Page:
Beyond the Mainstream at the World Economic Forum: Jim Harris Reports from Davos

Jim Harris[Today is the first day of the World Economic Forum (WEF) in Davos (Jan 22-25). Many surveys and analysis will be presented at the Forum and side events outlining the problems and solutions the world and nations face. Here are some points of view that you will NOT likely hear coming out of WEF.]

Severe Income Disparity

In a marketing coup, Oxfam publicized a staggering fact two days before the conference began: the net worth of the 85 wealthiest people in the world is equal to that of the 3.5-billion poorest worldwide. And the wealth of the richest 1 per cent of the world’s population roughly equals that of everyone else (the 99 per cent). On Twitter this generated 18,000 tweets on January 19 — which was more than both of WEF’s primary hashtags combined — #wef14 and #Davos.

“Severe income disparity” is one of the most significant global risks identified by the World Economic Forum in 2014. But delegates spend $40,000+ to attend the Forum — and there is the incessant buzz of helicopters ferrying delegates to Davos at $10,000 a trip. As Marshall McLuhan said the medium is the message. Oxfam’s approach highlights the depth of inequality — and it really makes me wonder: How much is enough?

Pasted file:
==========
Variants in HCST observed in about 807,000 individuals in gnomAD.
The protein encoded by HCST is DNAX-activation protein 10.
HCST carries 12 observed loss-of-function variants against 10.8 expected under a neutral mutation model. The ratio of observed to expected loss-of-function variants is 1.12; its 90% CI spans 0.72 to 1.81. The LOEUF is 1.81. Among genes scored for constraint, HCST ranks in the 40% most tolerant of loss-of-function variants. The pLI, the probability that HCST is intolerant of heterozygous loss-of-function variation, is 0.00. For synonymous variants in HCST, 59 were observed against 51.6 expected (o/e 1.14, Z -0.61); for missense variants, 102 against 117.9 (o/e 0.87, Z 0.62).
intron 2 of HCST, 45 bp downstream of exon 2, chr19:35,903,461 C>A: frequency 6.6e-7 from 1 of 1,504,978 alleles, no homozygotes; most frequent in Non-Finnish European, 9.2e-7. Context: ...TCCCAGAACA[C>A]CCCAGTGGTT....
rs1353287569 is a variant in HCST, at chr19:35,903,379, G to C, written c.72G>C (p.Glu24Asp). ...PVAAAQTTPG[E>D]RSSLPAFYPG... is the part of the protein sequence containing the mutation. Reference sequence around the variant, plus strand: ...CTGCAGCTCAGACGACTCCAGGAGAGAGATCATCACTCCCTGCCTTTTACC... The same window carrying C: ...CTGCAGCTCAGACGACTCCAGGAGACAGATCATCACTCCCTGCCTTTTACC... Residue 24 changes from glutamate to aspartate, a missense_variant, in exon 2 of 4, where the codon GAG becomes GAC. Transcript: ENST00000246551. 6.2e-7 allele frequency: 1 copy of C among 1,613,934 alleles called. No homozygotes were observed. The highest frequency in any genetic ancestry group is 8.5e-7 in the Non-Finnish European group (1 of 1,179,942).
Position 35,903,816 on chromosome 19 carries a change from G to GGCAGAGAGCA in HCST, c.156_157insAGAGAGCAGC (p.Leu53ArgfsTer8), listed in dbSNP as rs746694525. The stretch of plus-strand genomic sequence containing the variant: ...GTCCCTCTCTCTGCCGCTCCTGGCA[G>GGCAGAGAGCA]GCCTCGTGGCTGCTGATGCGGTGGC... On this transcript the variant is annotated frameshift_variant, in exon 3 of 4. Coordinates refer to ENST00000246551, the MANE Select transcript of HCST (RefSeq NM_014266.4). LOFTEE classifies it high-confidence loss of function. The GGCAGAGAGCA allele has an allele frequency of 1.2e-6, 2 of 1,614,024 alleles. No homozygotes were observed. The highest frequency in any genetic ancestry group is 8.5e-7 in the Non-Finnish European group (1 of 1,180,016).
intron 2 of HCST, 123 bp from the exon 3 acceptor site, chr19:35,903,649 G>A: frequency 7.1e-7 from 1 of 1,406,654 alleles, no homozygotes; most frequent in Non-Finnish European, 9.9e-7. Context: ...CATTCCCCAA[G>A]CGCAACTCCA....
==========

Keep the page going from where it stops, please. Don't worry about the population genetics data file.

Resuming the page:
With some exceptions like J.K. Rowling, Bill Gates and Warren Buffet who have given significant portions of their wealth to charities and foundations to address global problems, Oxfam’s critique is profound.

Climate Change

If we continue with business as usual and do not immediately and aggressively act to address climate change, within 15 years the fate of the planet will be sealed with irreversible climate change. This is the conclusion of a yet-to-be released United Nations study. To be fair to WEF, climate change is the only risk in the top five that is both most likely and will have the greatest potential impact. But again I don’t think the depth and severity of the challenge that humanity faces is appreciated by delegates.